Core: noun, the most important part of a thing, the essence; from the Latin cor, meaning heart.

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 Volume 2.6 This View’s Poetry October 14, 2002 


    October    
         
   

Aye, thou art welcome, heaven’s delicious breath!
   When woods begin to wear the crimson leaf
   And suns grow meek, and the meek suns grow brief,
And the year smiles as it draws near its death.
Wind of the sunny south! oh, still delay
   In the gay woods and in the golden air,
   Like to a good old age released from care,
Journeying, in long serenity, away.
In such a bright, late quiet, would that I
   Might wear out life like thee, ’mid bowers and brooks,
   And dearer yet, the sunshine of kind looks,
And music of kind voices ever nigh;
And when my last sand twinkled in the glass,
Pass silently from men, as thou dost pass.

   
         
    William Cullen Bryant (1794-1878)    
   

American Poetry: The Nineteenth Century Volume One p. 159
ed. John Hollander

   

    October    
         
   

The passionate Summer’s dead! the sky’s a-glow,
   With roseate flushes of matured desire,
The winds at eve are musical and low,
   As sweeping chords of a lamenting lyre,
   Far up among the pillared clouds of fire,
Whose pomp of strange procession upward rolls,
With gorgeous blazonry of pictured folds,
   To celebrate the Summer’s past renown;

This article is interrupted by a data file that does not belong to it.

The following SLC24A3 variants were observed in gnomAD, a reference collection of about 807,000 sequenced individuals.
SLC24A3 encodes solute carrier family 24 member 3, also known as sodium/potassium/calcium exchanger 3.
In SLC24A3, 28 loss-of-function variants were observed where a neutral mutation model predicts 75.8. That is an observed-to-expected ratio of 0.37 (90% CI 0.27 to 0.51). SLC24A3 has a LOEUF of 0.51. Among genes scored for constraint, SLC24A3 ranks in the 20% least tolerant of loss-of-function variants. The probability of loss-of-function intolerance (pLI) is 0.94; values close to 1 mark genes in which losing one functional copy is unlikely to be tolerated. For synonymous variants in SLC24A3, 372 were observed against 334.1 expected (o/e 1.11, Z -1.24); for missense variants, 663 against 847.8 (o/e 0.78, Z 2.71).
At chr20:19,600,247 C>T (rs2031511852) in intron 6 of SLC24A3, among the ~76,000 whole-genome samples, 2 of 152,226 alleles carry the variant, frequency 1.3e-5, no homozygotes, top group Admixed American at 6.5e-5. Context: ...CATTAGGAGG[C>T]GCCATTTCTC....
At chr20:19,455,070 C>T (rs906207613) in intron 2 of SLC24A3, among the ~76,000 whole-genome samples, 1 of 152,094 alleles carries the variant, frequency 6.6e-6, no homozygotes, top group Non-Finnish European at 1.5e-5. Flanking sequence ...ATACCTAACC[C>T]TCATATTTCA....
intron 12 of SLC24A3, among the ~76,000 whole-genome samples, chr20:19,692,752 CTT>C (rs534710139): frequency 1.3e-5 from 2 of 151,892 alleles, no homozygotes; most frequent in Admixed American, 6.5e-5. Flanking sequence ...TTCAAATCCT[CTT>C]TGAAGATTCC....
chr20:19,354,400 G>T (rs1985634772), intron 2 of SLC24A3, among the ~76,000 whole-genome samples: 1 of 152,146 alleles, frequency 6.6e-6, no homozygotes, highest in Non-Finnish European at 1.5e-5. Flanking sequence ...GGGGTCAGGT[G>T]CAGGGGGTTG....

Ah, me! how regally the Heavens look down,
O'ershadowing beautiful autumnal woods,
   And harvest fields with hoarded increase brown,
And deep-toned majesty of golden floods,
   That raise their solemn dirges to the sky,
   To swell the purple pomp that floateth by.

   
         
    Paul Hamilton Hayne (1830-1886)    
   

American Poetry: The Nineteenth Century Volume Two p. 220
ed. John Hollander

   

    October    
         
   

Bending above the spicy woods which blaze,
Arch skies so blue they flash, and hold the sun
Immeasurably far; the waters run
Too slow, so freighted are the river-ways
With gold of elms and birches from the maze
Of forests. Chestnuts, clicking one by one,
Escape from satin burs; her fringes done,
The gentian spreads them out in sunny days,
And, like late revelers at dawn, the chance
Of one sweet, mad, last hour, all things assail,
And conquering, flush and spin; while, to enhance
The spell, by sunset door, wrapped in a veil
Of red and purple mists, the summer, pale,
Steals back alone for one more song and dance.

   
         
    Helen Hunt Jackson (1830-1885)    
   

American Poetry: The Nineteenth Century Volume Two p. 224
ed. John Hollander

   

    Triad    
         
    From the Silence of Time, Time’s Silence borrow.
In the heart of To-day is the word of To-morrow.
The Builders of Joy are the Children of Sorrow.
   
         
    William Sharp (1856-1902)    
   

Oxford Book of English Mystical Verse p. 400
ed. D. H. S. Nicholson and A. H. E. Lee

   



 Volume 2.6 This View’s Poetry October 14, 2002 





The View from the Core, and all original material, © E. L. Core 2002. All rights reserved.

Cor ad cor loquitur J. H. Newman — “Heart speaks to heart”